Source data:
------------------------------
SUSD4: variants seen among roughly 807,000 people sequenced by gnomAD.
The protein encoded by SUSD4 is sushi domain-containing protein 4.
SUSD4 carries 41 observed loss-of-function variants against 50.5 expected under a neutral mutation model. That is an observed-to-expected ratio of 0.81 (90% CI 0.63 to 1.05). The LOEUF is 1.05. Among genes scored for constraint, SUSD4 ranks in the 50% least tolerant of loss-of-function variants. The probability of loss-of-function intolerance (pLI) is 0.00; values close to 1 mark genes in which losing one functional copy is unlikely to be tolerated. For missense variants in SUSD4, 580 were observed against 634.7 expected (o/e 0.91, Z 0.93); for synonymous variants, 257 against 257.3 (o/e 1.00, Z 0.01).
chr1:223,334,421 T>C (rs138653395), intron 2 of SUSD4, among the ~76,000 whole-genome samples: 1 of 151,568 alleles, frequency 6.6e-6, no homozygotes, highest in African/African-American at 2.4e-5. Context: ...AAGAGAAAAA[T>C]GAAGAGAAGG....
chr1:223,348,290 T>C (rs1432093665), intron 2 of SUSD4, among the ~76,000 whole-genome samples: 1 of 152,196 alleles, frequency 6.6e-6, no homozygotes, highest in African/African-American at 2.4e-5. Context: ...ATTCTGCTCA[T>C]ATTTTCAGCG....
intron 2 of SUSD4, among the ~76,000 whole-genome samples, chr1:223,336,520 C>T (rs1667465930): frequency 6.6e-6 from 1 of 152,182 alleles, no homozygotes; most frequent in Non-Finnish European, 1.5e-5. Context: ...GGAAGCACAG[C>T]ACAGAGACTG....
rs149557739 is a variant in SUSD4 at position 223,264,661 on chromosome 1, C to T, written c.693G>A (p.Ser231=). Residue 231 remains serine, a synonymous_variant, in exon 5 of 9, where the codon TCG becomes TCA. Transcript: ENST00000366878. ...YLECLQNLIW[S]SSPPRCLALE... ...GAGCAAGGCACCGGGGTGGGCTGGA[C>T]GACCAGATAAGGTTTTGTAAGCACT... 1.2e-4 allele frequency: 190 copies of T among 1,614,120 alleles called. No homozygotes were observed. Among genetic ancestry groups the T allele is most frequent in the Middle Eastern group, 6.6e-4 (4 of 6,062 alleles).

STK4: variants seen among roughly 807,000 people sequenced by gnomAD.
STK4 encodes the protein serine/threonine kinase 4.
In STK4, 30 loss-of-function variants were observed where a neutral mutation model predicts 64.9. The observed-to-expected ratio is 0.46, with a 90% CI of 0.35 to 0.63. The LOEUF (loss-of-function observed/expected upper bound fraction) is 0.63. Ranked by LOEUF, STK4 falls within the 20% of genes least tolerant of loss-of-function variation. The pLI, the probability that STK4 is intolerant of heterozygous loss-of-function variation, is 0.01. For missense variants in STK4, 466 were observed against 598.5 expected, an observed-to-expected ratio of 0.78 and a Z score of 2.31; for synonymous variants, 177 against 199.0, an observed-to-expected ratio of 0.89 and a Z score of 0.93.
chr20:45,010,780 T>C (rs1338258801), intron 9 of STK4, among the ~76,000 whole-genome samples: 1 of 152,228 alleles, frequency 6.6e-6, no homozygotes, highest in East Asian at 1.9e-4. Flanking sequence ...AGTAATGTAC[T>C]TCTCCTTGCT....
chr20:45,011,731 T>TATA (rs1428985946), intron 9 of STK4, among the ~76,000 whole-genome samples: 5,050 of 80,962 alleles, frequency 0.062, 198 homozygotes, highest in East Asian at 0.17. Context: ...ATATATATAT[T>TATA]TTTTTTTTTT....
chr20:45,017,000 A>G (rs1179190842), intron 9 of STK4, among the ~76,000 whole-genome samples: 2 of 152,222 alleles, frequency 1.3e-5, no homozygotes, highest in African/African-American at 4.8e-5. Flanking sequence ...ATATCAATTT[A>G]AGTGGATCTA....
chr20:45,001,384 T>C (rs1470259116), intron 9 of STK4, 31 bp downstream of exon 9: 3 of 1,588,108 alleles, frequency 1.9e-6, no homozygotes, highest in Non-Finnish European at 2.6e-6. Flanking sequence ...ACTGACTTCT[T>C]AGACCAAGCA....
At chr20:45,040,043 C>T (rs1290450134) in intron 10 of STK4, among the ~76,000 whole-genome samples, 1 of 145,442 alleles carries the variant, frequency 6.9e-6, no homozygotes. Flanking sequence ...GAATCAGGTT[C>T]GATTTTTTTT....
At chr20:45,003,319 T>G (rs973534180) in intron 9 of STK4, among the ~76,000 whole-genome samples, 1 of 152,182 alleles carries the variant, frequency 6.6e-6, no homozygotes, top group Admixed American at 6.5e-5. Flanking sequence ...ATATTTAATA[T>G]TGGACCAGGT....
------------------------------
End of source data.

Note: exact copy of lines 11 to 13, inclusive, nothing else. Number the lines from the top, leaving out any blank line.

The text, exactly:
chr20:45,010,780 T>C (rs1338258801), intron 9 of STK4, among the ~76,000 whole-genome samples: 1 of 152,228 alleles, frequency 6.6e-6, no homozygotes, highest in East Asian at 1.9e-4. Flanking sequence ...AGTAATGTAC[T>C]TCTCCTTGCT....
chr20:45,011,731 T>TATA (rs1428985946), intron 9 of STK4, among the ~76,000 whole-genome samples: 5,050 of 80,962 alleles, frequency 0.062, 198 homozygotes, highest in East Asian at 0.17. Context: ...ATATATATAT[T>TATA]TTTTTTTTTT....
chr20:45,017,000 A>G (rs1179190842), intron 9 of STK4, among the ~76,000 whole-genome samples: 2 of 152,222 alleles, frequency 1.3e-5, no homozygotes, highest in African/African-American at 4.8e-5. Flanking sequence ...ATATCAATTT[A>G]AGTGGATCTA....